This page is part of © FOTW Flags Of The World website

Thin Blue Line and Thin Red Line flags (U.S.)

Last modified: 2020-07-04 by rick wyatt
Keywords: united states | police department | firefighter |
Links: FOTW homepage | search | disclaimer and copyright | write us | mirrors




See also:


Thin Blue Line

[Thin Blue Line flag]
image by John Evosevic, 3 July 2002
[Thin Blue Line flag]
image by Tomislav Todorovic, 4 May 2016

Lately I've noticed a black - medium blue - black, arranged horizontally auto tag on many vehicles in the area around Pittsburgh, Pennsylvania
John Evosevic, 3 July 2002

The Black-Blue-Black design is usually seen on a policeman's personal car or family members car. It stands for the "thin blue line". There is also a similar one with a red strip for firemen.
Jim Popovitch, 17 August 2002

The black-medium blue-black flag is actually a police mourning band. It is typically worn as a band across the badge when an officer is killed in the line of duty. I have seen it in use more frequently now as a bumper sticker, I believe this is probably a show of respect for the police officers killed on September 11th.
Troy Corwin, 26 September 2002

This design is an identification to notify other law enforcement people that the bearer also works in law enforcement. It represents the "thin blue line, or brother police officer. The identification of fallen officers uses a badge with black tape or a black elastic band around the center. It is usually only worn when an officer dies, and is worn for up to a week after death, not everyday use.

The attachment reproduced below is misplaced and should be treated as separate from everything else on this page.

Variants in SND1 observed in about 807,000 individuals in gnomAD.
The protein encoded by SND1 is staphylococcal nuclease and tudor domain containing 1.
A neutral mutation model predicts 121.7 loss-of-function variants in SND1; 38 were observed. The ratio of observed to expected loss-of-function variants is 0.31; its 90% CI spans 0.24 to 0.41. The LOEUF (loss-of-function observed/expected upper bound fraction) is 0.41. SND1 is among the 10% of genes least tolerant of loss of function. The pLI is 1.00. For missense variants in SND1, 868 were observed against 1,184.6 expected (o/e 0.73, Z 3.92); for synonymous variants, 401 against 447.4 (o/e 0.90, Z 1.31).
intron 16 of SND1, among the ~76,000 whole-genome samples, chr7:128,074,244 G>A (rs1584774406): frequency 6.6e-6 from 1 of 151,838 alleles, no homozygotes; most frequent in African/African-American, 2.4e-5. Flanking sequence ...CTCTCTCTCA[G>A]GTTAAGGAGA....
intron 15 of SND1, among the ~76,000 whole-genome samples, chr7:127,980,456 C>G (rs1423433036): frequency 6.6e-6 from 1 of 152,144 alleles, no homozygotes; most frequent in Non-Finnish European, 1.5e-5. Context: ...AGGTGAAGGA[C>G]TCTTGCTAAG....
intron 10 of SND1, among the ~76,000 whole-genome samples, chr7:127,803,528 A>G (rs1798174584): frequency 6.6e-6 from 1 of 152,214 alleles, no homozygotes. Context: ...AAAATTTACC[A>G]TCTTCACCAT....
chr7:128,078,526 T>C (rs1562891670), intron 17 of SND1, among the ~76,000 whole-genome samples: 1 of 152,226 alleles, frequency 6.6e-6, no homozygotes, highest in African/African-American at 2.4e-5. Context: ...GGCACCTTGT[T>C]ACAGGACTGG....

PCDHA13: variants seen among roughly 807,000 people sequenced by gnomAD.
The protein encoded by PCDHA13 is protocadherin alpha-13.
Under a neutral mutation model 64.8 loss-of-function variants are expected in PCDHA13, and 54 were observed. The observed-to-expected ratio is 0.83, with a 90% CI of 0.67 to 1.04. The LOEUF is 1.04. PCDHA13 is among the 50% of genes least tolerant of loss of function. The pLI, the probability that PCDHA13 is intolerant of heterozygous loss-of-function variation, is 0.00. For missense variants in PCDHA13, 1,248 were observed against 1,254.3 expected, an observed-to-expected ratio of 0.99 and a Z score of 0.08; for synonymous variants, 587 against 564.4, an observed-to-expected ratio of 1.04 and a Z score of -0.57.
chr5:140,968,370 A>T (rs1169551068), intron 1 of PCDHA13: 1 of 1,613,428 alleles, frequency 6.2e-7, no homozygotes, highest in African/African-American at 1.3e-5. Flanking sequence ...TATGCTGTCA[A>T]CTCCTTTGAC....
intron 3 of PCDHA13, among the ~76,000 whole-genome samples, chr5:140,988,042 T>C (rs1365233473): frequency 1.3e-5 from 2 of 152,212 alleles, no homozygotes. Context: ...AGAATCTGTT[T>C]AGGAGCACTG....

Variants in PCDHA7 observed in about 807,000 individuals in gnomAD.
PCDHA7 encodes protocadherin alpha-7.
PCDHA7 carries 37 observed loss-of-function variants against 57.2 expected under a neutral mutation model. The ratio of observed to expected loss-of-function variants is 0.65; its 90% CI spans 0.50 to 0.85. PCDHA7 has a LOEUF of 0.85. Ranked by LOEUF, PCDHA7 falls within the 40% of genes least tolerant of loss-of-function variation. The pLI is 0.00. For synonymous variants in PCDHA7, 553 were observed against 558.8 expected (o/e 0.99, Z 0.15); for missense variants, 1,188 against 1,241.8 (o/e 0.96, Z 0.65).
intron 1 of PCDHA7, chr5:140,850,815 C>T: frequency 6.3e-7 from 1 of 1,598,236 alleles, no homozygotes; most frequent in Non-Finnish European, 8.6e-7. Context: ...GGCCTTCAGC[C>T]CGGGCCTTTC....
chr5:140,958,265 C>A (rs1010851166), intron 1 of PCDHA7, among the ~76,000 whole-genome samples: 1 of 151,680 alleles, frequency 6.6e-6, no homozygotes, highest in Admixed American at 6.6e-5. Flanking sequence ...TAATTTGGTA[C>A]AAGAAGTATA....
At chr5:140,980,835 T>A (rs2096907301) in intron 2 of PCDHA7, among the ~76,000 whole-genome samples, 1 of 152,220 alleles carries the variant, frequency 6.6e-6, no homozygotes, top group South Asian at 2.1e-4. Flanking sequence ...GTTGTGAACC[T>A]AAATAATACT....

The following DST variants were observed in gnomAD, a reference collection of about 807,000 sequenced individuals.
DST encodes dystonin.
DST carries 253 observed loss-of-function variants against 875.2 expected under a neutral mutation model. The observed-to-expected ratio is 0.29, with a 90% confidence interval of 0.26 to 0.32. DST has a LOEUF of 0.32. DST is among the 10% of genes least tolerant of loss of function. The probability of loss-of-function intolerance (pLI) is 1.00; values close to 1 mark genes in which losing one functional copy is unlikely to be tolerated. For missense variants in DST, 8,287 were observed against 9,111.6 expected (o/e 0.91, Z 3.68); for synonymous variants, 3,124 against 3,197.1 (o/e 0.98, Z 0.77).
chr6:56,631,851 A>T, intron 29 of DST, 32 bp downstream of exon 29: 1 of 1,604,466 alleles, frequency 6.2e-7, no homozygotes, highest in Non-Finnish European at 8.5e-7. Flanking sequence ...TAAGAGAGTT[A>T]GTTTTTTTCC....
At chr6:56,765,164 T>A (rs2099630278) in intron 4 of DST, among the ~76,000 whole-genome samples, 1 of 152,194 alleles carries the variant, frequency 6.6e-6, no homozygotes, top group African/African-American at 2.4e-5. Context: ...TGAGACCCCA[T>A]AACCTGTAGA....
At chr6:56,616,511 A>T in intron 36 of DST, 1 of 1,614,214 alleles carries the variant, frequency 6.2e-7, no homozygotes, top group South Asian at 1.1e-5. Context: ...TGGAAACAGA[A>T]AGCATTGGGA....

Bob Cunningham II, 8 May 2006

It is not just a mourning flag. It's origin is vague. In its earliest form, it was used to identify police officers, as mentioned above. The "thin blue line" of protection against evil. One story I heard was that in the event of a traffic stop, it let the approaching officer know that the person in the vehicle was a cop and might have a firearm. The current use is more of support for law enforcement.
Rick Wyatt, 2 June 2015

The three equal horizontal striped flag you are referring to is the original "Police Mourning and Police Support Flag" which first appeared around 2002. This flag actually began as a police mourning arm band used in Pittsburgh, Pennsylvania, and was at first typically worn when an officer was killed in the line of duty. It stood for the "thin blue line" of police protection. It evolved into an auto sticker and finally into a flag. It was also used as a show of respect for the police officers killed on September 11 and was also seen as a variant with a red stripe instead of a blue one for fire fighters. Since then versions with much thinner blue or red stripes, combined stripes, etc. have also been reported. A variant with the text "Police Lives Matter" was used in 2015 at a rally in Baltimore, Ohio. Since the original "Thin Blue Line" flag's appearance, apparently all emergency services are getting on the bandwagon resulting in a confusing collection of similar flags and a host of variants. And yes, they have become political, as flags often do.
Pete Loeser, 10 August 2018

The flag is sometimes hoisted vertically, as shown here: